We are all Bayesians Now

Nate Silver, head mathemagician of the 538 blog has won a great deal of attention for his perfect 51 for 51 (including DC) state-by-state predictions of the most recent presidential election. This has lead to a spike in sales for his book, which covers a wide range of topics related to the business of forecasting and the standards we should require for statistical evidence before we take predictions seriously. One of the issues covered in the book, but generally overlooked, is a subtle but important shift occurring in science. This is the reduction in emphasis on statistical significance, and and rise to prominence of Bayesian analysis. The webcomic xkcd nails it in two comics:

This second one came out recently:

The point is that predictions for rare events (like the sun exploding) can easily get swamped by false positives. This is a famous problem in statistics called the Base-rate fallacy which has ensnared many people. For example, a medical test that correctly indicates the presence of a disease 99% of the time (sensitivity) and also correctly returns a negative result for 99% of healthy people (specificity) will NOT be as definitive as most assume if the disease is rare enough. Let’s suppose the base rate of the disease (the “prior probability”) is one in a thousand. If 100,000 people are tested (100 sick of whom are actually sick, and 99,900 healthy), 99 will be correctly labeled as sick, but so will 999 healthy people (99,900 x 0.01) who receive false positives. Therefore, the chance that someone is really sick given that he or she tested positive is still only 9%  [= # of True Positives/# of all Positives]. In modern life, we test many propositions that have only a small chance of being correct: pseudo-science, novel scientific theories, new particles created by a collider.  The solution is to use Bayesian reasoning, which takes into account the prior probability that a proposition is true. Extraordinary claims require extraordinary evidence, precisely because the chance that so many established principles, that would be  overturned by accepting the new claim, is so low to start with.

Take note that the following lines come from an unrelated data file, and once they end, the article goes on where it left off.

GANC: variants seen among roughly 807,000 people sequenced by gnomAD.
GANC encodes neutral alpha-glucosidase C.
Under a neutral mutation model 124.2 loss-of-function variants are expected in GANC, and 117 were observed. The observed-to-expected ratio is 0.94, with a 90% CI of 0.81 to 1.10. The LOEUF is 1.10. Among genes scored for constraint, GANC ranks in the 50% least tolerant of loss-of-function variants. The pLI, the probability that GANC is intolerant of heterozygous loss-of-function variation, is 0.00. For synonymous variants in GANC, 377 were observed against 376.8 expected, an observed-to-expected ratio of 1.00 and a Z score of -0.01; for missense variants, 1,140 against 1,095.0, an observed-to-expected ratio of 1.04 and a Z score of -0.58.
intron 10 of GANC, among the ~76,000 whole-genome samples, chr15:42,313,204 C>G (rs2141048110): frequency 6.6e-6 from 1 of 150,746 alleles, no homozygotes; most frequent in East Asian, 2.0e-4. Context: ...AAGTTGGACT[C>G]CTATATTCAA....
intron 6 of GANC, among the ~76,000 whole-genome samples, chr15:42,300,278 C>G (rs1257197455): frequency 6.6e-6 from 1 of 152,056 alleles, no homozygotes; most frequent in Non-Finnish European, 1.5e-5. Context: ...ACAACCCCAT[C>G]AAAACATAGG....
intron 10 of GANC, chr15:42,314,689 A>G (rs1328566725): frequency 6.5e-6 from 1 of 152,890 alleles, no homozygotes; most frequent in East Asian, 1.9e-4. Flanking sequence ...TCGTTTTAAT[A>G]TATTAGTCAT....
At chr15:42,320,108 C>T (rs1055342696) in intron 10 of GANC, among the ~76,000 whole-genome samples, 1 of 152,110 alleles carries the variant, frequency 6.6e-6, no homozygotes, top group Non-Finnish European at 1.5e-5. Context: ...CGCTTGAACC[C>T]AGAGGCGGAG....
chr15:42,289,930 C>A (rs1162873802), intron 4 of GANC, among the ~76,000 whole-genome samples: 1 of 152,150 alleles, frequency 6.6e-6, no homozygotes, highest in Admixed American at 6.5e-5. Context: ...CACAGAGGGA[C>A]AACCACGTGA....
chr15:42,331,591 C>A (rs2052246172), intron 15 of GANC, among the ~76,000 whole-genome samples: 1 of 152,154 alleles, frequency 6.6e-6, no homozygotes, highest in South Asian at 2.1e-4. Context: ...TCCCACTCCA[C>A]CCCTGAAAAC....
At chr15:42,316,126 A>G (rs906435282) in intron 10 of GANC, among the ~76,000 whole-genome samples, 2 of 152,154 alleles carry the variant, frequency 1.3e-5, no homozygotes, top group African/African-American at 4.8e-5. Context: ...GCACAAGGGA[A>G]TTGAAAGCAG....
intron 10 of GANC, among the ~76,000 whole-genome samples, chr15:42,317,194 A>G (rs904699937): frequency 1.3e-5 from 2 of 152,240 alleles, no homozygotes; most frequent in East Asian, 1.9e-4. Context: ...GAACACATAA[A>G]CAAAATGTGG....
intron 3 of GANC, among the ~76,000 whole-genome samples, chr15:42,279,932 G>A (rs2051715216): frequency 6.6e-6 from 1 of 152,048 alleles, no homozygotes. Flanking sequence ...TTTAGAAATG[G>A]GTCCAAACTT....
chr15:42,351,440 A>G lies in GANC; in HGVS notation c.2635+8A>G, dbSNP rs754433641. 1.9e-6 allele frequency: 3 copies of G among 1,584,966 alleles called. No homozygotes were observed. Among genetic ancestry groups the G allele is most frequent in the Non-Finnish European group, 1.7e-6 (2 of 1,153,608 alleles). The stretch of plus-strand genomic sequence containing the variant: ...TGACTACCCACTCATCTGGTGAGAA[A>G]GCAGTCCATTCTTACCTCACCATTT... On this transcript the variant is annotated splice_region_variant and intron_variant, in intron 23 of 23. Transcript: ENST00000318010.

The established method, however, achieving almost dogmatic stature in science until recently, is the use of “statistical significance,” in which an arbitrarily chosen threshold (usually 5%) is chosen, and a proposition is accepted (or at least “fails to be rejected”) when the odds are such that data “at least as good” as what the experiment obtained could have been simply due to chance is less than the threshold.

As Silver points out in the book, among the reasons “statistical significance,” gained such a stronghold (so much so that it is much more likely that scientific results will be submitted for publication if they could have be obtained by chance 4.9% of the time vs 5.1%) is that is doesn’t require an estimation of the prior probability. This was seen as being more objective somehow, especially when there is no obvious base-line rate to use. However, as the xkcd comics show, this way of thinking can lead to absurd results. Better to use Bayesian methods, as Nate shows.

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Author: lnemzer

Assistant Professor Nova Southeastern University

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